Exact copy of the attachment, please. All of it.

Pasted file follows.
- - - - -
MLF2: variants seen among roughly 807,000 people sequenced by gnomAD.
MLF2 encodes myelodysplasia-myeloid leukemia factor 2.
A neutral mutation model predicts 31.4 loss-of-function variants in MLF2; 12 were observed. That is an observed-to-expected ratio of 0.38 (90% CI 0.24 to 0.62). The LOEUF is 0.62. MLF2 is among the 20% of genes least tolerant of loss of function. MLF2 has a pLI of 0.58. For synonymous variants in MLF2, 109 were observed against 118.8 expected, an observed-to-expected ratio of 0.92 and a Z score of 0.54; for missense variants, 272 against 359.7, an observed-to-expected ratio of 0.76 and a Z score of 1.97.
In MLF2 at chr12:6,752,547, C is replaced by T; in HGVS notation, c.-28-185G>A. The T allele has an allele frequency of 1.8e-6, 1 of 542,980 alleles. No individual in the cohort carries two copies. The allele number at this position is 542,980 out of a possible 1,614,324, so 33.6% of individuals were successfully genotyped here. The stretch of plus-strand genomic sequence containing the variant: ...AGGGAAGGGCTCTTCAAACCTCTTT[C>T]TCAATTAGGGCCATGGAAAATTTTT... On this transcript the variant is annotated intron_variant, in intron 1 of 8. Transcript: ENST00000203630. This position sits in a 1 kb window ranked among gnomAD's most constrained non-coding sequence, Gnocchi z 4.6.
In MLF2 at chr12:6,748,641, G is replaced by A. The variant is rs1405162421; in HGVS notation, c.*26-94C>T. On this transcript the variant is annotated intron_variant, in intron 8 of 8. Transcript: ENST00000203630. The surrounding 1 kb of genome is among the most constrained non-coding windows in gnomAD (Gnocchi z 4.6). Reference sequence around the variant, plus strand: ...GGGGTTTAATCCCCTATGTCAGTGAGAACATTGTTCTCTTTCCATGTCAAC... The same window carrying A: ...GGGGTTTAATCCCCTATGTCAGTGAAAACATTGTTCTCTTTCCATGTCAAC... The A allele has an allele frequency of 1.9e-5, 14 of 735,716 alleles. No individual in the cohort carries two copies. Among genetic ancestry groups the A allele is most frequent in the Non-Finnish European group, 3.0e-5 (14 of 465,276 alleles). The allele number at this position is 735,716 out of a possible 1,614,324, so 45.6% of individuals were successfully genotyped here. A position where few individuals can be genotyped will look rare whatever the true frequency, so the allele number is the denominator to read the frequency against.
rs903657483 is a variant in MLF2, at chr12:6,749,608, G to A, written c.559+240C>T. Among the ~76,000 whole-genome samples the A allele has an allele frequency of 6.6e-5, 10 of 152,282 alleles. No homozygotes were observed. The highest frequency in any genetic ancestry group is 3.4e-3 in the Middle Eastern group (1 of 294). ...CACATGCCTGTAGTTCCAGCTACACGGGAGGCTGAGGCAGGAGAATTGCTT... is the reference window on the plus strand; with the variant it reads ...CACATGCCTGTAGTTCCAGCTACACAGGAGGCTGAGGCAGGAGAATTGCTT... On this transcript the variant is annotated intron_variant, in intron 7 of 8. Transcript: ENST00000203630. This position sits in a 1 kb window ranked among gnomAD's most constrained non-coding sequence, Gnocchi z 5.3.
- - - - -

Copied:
MLF2: variants seen among roughly 807,000 people sequenced by gnomAD.
MLF2 encodes myelodysplasia-myeloid leukemia factor 2.
A neutral mutation model predicts 31.4 loss-of-function variants in MLF2; 12 were observed. That is an observed-to-expected ratio of 0.38 (90% CI 0.24 to 0.62). The LOEUF is 0.62. MLF2 is among the 20% of genes least tolerant of loss of function. MLF2 has a pLI of 0.58. For synonymous variants in MLF2, 109 were observed against 118.8 expected, an observed-to-expected ratio of 0.92 and a Z score of 0.54; for missense variants, 272 against 359.7, an observed-to-expected ratio of 0.76 and a Z score of 1.97.
In MLF2 at chr12:6,752,547, C is replaced by T; in HGVS notation, c.-28-185G>A. The T allele has an allele frequency of 1.8e-6, 1 of 542,980 alleles. No individual in the cohort carries two copies. The allele number at this position is 542,980 out of a possible 1,614,324, so 33.6% of individuals were successfully genotyped here. The stretch of plus-strand genomic sequence containing the variant: ...AGGGAAGGGCTCTTCAAACCTCTTT[C>T]TCAATTAGGGCCATGGAAAATTTTT... On this transcript the variant is annotated intron_variant, in intron 1 of 8. Transcript: ENST00000203630. This position sits in a 1 kb window ranked among gnomAD's most constrained non-coding sequence, Gnocchi z 4.6.
In MLF2 at chr12:6,748,641, G is replaced by A. The variant is rs1405162421; in HGVS notation, c.*26-94C>T. On this transcript the variant is annotated intron_variant, in intron 8 of 8. Transcript: ENST00000203630. The surrounding 1 kb of genome is among the most constrained non-coding windows in gnomAD (Gnocchi z 4.6). Reference sequence around the variant, plus strand: ...GGGGTTTAATCCCCTATGTCAGTGAGAACATTGTTCTCTTTCCATGTCAAC... The same window carrying A: ...GGGGTTTAATCCCCTATGTCAGTGAAAACATTGTTCTCTTTCCATGTCAAC... The A allele has an allele frequency of 1.9e-5, 14 of 735,716 alleles. No individual in the cohort carries two copies. Among genetic ancestry groups the A allele is most frequent in the Non-Finnish European group, 3.0e-5 (14 of 465,276 alleles). The allele number at this position is 735,716 out of a possible 1,614,324, so 45.6% of individuals were successfully genotyped here. A position where few individuals can be genotyped will look rare whatever the true frequency, so the allele number is the denominator to read the frequency against.
rs903657483 is a variant in MLF2, at chr12:6,749,608, G to A, written c.559+240C>T. Among the ~76,000 whole-genome samples the A allele has an allele frequency of 6.6e-5, 10 of 152,282 alleles. No homozygotes were observed. The highest frequency in any genetic ancestry group is 3.4e-3 in the Middle Eastern group (1 of 294). ...CACATGCCTGTAGTTCCAGCTACACGGGAGGCTGAGGCAGGAGAATTGCTT... is the reference window on the plus strand; with the variant it reads ...CACATGCCTGTAGTTCCAGCTACACAGGAGGCTGAGGCAGGAGAATTGCTT... On this transcript the variant is annotated intron_variant, in intron 7 of 8. Transcript: ENST00000203630. This position sits in a 1 kb window ranked among gnomAD's most constrained non-coding sequence, Gnocchi z 5.3.